Reducing the causes of climate change is essential to the life of faith

First published on: 5th June 2020

"Reducing the causes of climate change is essential to the life of faith. It is a way to love our neighbour and to steward the gift of creation."

Justin Welby, Archbishop of Canterbury

As we approach World Environment Day (5th June) and Environment Sunday (7th June), we recall that in 2018 Bishop Paul asked Faiths4Change to lead the Diocese of Liverpool in an ambitious campaign to become a Gold Eco-Diocese. In 2019 we took our first steps towards meeting that goal by becoming a Bronze Eco-Diocese. Through the tremendous efforts of many people in different places of worship we achieved so much in such a short time including our first Gold Eco Church, Silver and Bronze awarded Eco Churches and many churches beginning the process by registering.
In Interfaith Week 2019, we celebrated our Eco Diocese award with a service in our cathedral and Bishop Paul hosted our first multi-faith climate change gathering, leading a multi-faith commitment to the City Region Year of the Environment.
In June 2019 as we approached World Environment Day and Environment Sunday, our Diocese had 33 registered Eco Churches including St James House, a draft environmental policy and 5 churches with Eco Church Awards.
We currently have 69 registered Eco Churches, 17 of whom have achieved Eco Church awards: 10 Bronze, 6 Silver and 1 Gold, our environment policy, approved by Synod last year, is an active one.  These foundations and commitment to care for God’s earth equip us as we commit to and plan our 10-year journey to become a gold eco-diocese and reach net-zero carbon emissions by 2030.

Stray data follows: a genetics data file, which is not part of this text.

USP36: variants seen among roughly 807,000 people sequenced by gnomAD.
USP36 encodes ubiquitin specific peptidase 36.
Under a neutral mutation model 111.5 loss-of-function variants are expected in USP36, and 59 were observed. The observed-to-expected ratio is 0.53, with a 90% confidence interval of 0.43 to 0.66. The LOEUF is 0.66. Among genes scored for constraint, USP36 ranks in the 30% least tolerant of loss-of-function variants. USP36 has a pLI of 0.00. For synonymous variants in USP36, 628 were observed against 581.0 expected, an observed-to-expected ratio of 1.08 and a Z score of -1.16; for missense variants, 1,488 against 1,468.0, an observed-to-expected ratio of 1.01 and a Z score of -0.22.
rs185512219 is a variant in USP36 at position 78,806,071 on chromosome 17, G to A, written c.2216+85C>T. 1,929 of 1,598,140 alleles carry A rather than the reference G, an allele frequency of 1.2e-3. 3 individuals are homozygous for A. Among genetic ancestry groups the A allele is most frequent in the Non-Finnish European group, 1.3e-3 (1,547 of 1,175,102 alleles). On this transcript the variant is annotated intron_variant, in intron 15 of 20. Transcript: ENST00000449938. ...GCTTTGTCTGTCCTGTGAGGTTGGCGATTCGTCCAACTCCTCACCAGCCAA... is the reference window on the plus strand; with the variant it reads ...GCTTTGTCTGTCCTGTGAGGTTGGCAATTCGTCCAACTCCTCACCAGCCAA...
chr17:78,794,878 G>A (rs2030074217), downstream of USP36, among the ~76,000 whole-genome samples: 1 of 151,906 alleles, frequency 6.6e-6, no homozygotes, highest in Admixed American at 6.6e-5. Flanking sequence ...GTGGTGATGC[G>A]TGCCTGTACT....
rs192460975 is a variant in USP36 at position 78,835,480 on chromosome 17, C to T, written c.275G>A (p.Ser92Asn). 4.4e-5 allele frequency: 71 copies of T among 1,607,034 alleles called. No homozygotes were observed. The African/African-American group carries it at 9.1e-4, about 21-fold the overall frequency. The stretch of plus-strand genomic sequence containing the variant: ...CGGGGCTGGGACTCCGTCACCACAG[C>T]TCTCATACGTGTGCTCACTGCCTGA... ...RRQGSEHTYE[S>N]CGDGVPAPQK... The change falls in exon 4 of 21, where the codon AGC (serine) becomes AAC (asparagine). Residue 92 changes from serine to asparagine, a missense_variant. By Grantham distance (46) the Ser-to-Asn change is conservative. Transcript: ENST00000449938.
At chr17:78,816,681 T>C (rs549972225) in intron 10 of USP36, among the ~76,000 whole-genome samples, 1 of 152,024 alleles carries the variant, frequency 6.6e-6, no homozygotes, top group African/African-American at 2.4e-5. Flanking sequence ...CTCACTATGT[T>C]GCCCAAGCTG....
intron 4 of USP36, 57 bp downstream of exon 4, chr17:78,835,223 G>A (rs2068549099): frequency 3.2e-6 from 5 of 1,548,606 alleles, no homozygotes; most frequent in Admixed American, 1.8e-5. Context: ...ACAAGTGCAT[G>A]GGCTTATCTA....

At its February 2020 meeting, General Synod members voted in favour of revising the date that all parts of the Church of England would become carbon net zero from 2045 to 2030. The motion agreed was this:
That this Synod, recognising that the global climate emergency is a crisis for God’s creation, and a fundamental injustice, and following the call of the Anglican Communion in ACC Resolutions A17.05 and A17.06;
(a) call upon all parts of the Church of England, including parishes, BMOs [Bishop Mission Orders], education institutions, dioceses, cathedrals, and the NCIs [National Church Institutions], to work to achieve year-on-year reductions in emissions and urgently examine what would be required to reach net zero emissions by 2030 in order that a plan of action can be drawn up to achieve that target;
(b) request reports on progress from the Environment Working Group and the NCI’s every three years beginning in 2022 and;
(c) call on each Diocesan Synod, and cathedral Chapter, to address progress toward net zero emissions every three years.

The Diocese of Liverpool is committed to the care of God’s creation by becoming a gold eco-diocese and reaching net-zero carbon emissions by 2030.
These two very specific and yet interrelated targets are rooted in mission, the 5th Mark of Mission infuses all 5 Marks.
Eco Diocese